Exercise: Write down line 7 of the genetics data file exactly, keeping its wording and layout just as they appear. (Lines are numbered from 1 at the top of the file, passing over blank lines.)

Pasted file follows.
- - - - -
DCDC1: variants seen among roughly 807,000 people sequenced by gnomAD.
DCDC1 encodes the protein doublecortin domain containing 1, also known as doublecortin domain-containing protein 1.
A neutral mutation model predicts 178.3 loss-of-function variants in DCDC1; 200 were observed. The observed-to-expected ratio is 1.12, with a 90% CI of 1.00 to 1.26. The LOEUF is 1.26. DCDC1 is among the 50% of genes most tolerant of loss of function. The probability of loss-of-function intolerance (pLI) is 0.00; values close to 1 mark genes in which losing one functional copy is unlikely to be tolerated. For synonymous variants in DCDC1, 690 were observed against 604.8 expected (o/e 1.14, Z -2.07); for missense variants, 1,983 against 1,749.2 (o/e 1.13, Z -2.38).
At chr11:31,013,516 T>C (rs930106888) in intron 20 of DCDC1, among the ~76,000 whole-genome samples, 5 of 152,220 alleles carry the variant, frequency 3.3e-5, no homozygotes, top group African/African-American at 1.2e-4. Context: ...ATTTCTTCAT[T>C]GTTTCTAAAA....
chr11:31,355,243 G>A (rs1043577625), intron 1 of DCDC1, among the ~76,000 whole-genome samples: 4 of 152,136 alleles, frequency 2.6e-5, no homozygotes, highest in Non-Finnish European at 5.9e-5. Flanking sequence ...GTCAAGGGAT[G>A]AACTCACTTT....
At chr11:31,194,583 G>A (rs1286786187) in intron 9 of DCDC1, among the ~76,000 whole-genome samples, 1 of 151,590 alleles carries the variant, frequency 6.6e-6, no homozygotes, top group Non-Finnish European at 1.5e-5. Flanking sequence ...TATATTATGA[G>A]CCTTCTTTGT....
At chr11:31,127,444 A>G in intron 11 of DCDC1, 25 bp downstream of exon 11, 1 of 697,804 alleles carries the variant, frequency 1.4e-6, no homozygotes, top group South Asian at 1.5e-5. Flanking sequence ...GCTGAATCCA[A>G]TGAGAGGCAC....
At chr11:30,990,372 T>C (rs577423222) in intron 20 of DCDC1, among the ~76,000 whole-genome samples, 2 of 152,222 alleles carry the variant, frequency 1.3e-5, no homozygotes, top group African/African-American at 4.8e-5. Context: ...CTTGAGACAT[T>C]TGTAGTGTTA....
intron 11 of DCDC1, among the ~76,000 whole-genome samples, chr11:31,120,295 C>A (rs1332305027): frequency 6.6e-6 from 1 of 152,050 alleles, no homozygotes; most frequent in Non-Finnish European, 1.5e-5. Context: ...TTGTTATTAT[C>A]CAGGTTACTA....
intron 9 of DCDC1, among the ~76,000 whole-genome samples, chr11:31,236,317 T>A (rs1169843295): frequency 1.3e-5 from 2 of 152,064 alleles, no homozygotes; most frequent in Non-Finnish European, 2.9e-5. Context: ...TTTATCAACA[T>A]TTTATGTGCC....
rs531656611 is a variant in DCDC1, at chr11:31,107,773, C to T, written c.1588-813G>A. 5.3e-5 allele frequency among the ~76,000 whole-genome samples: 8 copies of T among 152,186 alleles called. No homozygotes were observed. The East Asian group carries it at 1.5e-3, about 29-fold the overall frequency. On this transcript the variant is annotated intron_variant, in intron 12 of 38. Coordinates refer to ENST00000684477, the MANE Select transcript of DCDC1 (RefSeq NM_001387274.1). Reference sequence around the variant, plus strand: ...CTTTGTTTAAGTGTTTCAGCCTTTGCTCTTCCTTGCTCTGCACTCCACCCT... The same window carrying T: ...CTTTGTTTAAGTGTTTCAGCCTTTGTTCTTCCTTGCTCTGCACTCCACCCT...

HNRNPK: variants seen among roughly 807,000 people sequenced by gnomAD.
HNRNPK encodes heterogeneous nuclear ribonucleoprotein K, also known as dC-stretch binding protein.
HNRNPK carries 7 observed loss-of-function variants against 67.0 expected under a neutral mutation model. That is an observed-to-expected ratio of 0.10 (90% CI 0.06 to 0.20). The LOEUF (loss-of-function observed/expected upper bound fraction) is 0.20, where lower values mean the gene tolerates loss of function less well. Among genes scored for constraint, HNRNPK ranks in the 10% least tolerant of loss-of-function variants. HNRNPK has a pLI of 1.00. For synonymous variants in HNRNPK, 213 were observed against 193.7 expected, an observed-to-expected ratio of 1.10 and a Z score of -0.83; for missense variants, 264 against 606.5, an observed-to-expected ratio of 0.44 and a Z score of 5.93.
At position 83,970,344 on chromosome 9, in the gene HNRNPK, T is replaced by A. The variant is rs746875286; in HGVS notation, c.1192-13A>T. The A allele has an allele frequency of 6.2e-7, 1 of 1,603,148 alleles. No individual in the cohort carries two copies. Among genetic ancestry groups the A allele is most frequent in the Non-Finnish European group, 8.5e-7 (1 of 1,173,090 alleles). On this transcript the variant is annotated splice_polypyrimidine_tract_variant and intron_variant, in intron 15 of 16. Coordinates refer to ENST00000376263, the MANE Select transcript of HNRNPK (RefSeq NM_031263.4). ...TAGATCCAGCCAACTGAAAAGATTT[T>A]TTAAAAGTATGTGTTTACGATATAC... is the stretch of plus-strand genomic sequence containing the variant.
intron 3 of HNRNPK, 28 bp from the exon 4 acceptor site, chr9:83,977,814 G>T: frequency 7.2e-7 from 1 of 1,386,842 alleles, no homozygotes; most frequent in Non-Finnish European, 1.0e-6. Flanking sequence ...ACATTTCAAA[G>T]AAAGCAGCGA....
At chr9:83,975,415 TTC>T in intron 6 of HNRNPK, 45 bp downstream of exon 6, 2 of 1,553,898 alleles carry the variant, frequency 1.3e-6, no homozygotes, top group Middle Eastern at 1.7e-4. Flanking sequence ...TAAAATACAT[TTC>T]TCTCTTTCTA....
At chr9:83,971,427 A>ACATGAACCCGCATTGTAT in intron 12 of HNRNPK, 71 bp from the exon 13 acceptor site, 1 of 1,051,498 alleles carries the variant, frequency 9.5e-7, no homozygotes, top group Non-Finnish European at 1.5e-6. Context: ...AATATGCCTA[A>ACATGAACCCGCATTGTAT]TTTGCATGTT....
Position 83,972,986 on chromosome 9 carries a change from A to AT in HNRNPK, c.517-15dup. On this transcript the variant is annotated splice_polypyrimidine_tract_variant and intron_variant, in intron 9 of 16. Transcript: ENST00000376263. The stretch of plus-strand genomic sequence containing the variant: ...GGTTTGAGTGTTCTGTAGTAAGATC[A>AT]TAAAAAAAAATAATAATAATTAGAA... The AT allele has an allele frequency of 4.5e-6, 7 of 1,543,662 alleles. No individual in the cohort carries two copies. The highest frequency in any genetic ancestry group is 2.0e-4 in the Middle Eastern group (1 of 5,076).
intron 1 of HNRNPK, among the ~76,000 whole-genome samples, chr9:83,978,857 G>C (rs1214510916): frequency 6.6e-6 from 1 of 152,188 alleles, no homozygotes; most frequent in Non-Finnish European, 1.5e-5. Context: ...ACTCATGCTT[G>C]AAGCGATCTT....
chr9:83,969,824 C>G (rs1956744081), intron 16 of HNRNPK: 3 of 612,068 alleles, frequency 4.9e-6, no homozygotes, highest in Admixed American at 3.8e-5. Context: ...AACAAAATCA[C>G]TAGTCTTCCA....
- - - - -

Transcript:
At chr11:31,127,444 A>G in intron 11 of DCDC1, 25 bp downstream of exon 11, 1 of 697,804 alleles carries the variant, frequency 1.4e-6, no homozygotes, top group South Asian at 1.5e-5. Flanking sequence ...GCTGAATCCA[A>G]TGAGAGGCAC....